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An ironic personal postscript to all this occured in late December 1973 when my wife and I were attending a performance in Saint Patrick’s. I happened to look down, and noticed that I was sitting over the memorial plaque in the floor marking Swift’s tomb. The music being sung by the cathedral choir was Messiah.

The premiere of Messiah was given at noon on Tuesday, April 13, 1742, in the New Music Hall on Fishamble Street. The performers numbered only 32 singers—including soloists—and a small orchestra. Handel conducted from the harpsichord. The demand for tickets was so great that the men were asked not to wear their swords, and the ladies not to wear the hoops in their skirts. This enabled an additional 100 persons to attend, bringing the capacity crowd to 700. (After the premiere, it became traditional and fashionable for women not to wear large hoops for concerts.) Handel had to issue an apology in the newspaper that he had no more tickets, and still hundreds were turned away. Consequently, a second performance was given two months later.

Apparently the concert was successful in its charitable purpose, for £400 was raised, and 142 men were released from debtor’s prison. The concert must have been fairly long, for Handel also played “several” organ concertos. One aspect of the premiere is typical of Handel’s generosity, for among his soloists was one Mrs. Cibber, who had sung in some of the pirated versions of Handel’s earlier works when his enemies were trying to destroy him. Her singing of “He Was Despised” was so moving that a Dr. Delaney said to her, “Woman! for this thy sins be forgiven thee.”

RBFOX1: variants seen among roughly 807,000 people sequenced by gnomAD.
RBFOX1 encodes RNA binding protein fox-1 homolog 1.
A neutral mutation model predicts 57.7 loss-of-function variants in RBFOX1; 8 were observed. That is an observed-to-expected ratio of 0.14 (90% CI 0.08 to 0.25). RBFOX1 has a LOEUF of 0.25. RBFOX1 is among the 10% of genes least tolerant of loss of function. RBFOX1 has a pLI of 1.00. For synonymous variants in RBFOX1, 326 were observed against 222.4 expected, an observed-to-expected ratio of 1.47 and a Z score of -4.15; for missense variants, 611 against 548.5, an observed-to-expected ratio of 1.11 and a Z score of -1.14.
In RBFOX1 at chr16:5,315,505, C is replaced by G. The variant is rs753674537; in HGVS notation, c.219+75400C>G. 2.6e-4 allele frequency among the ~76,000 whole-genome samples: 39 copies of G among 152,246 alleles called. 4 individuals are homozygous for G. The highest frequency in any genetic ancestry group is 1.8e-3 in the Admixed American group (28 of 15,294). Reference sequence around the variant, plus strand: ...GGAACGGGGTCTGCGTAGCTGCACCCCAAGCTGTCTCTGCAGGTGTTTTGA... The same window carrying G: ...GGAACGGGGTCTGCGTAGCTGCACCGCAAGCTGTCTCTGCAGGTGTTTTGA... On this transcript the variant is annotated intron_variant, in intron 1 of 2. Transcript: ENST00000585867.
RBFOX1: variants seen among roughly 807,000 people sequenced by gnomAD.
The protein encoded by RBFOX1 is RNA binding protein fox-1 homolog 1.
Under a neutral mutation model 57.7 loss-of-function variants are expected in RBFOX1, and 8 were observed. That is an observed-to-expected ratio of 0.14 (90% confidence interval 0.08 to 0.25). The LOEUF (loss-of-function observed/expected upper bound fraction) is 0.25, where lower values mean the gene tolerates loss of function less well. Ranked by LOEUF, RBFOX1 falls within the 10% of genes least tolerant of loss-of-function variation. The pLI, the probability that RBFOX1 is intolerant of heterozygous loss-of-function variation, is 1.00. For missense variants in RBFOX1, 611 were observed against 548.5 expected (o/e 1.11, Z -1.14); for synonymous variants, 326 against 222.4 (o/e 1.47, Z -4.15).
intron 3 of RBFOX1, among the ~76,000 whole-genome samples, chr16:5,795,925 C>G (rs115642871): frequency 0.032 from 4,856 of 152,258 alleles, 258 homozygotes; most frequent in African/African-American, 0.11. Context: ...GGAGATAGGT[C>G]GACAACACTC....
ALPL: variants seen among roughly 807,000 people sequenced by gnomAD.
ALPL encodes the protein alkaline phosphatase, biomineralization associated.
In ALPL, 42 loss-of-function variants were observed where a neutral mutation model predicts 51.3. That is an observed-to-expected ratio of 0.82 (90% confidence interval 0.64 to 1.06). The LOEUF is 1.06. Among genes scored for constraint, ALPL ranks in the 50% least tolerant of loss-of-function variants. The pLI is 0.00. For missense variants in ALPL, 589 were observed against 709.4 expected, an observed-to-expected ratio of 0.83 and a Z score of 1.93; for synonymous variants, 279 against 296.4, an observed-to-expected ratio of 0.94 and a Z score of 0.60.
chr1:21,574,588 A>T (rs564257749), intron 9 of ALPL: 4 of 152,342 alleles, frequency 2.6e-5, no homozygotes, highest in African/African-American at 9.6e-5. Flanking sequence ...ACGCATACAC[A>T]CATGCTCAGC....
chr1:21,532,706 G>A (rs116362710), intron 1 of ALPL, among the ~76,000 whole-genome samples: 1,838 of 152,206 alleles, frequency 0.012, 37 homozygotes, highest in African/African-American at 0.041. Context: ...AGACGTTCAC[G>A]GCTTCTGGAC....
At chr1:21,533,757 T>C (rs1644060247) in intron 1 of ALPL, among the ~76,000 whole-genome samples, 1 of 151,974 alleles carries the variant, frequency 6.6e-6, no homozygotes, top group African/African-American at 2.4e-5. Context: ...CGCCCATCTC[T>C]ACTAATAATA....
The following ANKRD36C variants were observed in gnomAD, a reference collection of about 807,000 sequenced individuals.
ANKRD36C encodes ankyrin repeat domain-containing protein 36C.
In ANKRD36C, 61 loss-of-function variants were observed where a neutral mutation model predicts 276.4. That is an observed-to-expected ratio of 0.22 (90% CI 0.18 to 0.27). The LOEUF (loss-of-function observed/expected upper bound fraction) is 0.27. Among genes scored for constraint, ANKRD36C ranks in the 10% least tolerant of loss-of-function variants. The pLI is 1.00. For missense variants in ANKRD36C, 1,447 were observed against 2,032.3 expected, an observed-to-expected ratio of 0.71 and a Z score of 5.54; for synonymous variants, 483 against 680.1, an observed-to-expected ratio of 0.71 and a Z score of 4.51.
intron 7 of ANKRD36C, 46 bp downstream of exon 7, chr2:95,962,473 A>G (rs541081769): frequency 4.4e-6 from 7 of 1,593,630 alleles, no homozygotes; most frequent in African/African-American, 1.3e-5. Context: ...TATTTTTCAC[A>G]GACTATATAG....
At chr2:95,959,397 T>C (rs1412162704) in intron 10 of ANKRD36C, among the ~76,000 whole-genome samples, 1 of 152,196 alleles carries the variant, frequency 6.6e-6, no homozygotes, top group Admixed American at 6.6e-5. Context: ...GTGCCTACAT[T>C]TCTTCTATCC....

Contrasting Responses

However, success in Ireland did not mean success in England. Even before Handel returned to London, public opposition to Messiah was heard. He waited until 1743 to produce it in London. On March 19, an anonymous letter appeared in a London newspaper: “An Oratorio either is an Act of Religion, or it is not; if it is, I ask if the Playhouse is a fit Temple to perform it in, or a Company of Players fit Ministers of God’s Word, for in that Case such they are made.” Handel was advised it would be the act of a madman to put the name Messiah on a playbill. Accordingly, for the first London performance—and for several years thereafter—he called it A New Sacred Oratorio.

The London premiere was given on March 23, 1743, at Covent Garden. Although the king came, the religious controversy kept many away. It was at this performance that the king stood for the “Hallelujah” chorus—then called “For the Lord God Omnipotent Reigneth.” Some historians believe the king, being somewhat hard of hearing, stood up because he mistook the chorus for the national anthem!

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The religious controversy raged for years. To many of Handel’s day, “religious” was synonymous with “liturgical,” and some objected to nonliturgical themes in Messiah. The main issue, however, was its performance in a theater. Puritanism excluded drama from churches, and religion from concert halls and theaters. The clergy considered it sacrilege to put Scripture into the mouths of such “immoral” people as actors and actresses. They called Messiah a “religious farce,” and labeled Handel a heretic. They tried to close the theater to stop the performance. Only its charitable purpose made the performance even remotely acceptable.